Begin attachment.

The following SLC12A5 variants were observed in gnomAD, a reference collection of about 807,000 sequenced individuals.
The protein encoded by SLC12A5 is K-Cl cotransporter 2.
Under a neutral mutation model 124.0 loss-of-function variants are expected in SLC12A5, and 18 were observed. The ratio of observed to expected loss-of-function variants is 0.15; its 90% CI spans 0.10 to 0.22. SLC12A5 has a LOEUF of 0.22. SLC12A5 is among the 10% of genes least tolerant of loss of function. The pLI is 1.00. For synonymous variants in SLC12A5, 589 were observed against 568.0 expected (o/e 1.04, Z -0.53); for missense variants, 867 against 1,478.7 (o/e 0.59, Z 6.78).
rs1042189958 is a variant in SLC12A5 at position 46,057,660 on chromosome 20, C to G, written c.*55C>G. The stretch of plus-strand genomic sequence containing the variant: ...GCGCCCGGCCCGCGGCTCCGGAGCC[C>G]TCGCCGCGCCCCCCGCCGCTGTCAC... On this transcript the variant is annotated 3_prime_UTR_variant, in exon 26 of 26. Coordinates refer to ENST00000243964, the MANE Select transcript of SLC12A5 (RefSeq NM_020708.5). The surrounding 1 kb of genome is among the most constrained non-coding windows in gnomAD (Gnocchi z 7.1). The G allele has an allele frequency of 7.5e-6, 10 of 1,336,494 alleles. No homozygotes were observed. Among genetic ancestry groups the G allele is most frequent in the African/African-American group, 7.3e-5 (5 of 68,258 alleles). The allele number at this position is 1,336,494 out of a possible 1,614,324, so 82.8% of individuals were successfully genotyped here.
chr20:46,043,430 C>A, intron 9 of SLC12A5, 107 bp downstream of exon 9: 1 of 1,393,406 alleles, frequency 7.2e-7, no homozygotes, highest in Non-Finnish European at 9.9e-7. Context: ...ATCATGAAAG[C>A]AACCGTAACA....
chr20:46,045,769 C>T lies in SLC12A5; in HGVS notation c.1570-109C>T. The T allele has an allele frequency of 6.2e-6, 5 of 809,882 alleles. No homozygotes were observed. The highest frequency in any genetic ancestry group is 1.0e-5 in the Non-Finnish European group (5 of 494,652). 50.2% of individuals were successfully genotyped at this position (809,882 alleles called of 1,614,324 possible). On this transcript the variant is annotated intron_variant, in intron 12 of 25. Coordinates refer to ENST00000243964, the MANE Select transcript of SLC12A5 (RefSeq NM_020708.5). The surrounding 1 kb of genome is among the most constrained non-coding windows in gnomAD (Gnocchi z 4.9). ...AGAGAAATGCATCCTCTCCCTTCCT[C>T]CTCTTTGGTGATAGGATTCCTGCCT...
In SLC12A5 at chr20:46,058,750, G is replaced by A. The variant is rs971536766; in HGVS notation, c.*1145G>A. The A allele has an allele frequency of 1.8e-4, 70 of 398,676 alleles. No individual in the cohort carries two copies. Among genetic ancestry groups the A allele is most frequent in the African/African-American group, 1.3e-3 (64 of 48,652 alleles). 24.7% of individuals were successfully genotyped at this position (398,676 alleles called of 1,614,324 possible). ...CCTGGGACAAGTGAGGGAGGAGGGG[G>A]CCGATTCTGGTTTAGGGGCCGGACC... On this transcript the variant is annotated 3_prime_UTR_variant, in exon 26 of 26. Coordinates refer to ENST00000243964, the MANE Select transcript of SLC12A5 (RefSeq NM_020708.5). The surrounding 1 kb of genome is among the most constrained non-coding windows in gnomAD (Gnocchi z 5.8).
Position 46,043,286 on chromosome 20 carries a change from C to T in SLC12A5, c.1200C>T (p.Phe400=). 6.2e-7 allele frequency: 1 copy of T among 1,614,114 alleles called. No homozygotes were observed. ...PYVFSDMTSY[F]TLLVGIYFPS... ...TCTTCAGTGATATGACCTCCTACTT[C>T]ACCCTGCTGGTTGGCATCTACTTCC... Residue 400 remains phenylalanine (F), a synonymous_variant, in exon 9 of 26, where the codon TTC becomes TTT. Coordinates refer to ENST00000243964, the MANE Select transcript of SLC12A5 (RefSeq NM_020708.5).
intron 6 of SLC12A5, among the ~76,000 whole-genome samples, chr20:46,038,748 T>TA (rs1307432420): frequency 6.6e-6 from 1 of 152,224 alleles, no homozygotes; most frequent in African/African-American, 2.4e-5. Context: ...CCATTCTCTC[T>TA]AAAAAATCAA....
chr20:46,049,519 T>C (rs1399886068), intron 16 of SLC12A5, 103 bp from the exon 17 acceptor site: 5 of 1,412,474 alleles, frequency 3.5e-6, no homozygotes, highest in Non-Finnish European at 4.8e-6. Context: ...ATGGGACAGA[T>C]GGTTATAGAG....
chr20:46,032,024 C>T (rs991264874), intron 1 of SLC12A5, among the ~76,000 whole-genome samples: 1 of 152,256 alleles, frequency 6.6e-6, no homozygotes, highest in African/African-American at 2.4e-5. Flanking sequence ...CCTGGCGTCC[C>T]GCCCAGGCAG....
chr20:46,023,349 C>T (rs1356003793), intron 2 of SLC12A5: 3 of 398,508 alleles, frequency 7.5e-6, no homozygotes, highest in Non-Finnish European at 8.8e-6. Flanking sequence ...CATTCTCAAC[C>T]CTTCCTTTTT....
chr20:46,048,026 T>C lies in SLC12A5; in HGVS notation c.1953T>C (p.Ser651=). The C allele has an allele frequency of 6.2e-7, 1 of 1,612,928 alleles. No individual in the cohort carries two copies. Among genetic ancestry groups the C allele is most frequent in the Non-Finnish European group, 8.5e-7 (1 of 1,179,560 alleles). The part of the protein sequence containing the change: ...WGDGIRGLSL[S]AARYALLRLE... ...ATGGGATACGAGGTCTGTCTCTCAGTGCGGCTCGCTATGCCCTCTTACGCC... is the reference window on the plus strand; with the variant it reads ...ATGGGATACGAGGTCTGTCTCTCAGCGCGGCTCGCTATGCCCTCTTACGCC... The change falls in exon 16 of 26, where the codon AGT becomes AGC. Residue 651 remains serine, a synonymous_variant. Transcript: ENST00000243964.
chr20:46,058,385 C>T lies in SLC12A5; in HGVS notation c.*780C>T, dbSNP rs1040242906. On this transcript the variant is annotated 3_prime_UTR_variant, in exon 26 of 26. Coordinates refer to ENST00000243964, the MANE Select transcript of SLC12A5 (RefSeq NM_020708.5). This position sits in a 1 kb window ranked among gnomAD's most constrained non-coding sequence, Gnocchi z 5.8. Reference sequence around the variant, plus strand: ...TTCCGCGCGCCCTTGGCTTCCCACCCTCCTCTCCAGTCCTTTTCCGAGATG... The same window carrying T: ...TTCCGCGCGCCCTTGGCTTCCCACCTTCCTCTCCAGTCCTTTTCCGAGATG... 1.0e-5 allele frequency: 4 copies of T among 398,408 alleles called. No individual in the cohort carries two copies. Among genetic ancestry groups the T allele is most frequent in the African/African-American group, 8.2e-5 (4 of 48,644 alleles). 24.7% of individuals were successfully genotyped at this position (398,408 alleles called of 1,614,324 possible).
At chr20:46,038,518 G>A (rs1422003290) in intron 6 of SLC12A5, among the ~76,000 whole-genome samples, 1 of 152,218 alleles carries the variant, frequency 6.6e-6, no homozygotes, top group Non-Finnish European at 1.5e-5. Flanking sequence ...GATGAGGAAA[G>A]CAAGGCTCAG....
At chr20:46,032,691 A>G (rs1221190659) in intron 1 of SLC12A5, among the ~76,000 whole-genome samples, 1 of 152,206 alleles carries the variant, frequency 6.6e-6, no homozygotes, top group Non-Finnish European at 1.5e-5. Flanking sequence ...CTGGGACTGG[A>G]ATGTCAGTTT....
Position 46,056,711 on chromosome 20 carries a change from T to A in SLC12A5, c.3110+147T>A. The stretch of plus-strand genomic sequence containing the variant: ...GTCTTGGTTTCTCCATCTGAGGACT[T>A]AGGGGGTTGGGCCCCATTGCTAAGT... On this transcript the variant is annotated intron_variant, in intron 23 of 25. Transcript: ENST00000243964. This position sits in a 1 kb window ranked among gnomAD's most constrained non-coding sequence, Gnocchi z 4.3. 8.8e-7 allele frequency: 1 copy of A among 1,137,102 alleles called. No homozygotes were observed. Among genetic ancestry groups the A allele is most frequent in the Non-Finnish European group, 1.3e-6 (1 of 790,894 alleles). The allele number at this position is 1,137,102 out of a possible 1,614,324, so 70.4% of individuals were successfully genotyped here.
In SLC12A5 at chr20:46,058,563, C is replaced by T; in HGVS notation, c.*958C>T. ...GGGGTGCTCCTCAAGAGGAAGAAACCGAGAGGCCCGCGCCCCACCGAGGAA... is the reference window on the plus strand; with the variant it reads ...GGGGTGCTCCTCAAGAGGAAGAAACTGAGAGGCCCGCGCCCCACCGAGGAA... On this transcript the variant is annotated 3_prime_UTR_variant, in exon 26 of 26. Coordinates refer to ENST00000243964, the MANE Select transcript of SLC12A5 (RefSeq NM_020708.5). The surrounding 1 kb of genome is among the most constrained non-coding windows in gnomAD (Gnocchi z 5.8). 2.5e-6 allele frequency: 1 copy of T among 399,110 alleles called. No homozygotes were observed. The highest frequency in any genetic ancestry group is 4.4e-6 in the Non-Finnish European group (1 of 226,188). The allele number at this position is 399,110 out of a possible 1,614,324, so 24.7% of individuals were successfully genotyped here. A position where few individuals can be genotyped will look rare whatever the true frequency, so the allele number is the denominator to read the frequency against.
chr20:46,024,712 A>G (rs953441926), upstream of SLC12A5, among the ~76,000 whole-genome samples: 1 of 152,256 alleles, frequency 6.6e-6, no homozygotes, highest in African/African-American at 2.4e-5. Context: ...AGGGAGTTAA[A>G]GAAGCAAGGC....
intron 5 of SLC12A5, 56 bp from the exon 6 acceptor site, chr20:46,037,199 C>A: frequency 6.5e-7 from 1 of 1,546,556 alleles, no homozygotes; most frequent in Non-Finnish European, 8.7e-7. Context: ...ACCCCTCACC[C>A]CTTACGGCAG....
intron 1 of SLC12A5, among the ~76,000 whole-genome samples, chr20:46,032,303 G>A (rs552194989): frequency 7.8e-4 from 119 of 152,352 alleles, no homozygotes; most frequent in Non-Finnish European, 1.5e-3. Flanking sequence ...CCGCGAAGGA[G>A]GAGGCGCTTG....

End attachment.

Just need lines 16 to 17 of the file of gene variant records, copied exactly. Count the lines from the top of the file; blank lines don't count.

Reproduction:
At chr20:46,032,691 A>G (rs1221190659) in intron 1 of SLC12A5, among the ~76,000 whole-genome samples, 1 of 152,206 alleles carries the variant, frequency 6.6e-6, no homozygotes, top group Non-Finnish European at 1.5e-5. Flanking sequence ...CTGGGACTGG[A>G]ATGTCAGTTT....
Position 46,056,711 on chromosome 20 carries a change from T to A in SLC12A5, c.3110+147T>A. The stretch of plus-strand genomic sequence containing the variant: ...GTCTTGGTTTCTCCATCTGAGGACT[T>A]AGGGGGTTGGGCCCCATTGCTAAGT... On this transcript the variant is annotated intron_variant, in intron 23 of 25. Transcript: ENST00000243964. This position sits in a 1 kb window ranked among gnomAD's most constrained non-coding sequence, Gnocchi z 4.3. 8.8e-7 allele frequency: 1 copy of A among 1,137,102 alleles called. No homozygotes were observed. Among genetic ancestry groups the A allele is most frequent in the Non-Finnish European group, 1.3e-6 (1 of 790,894 alleles). The allele number at this position is 1,137,102 out of a possible 1,614,324, so 70.4% of individuals were successfully genotyped here.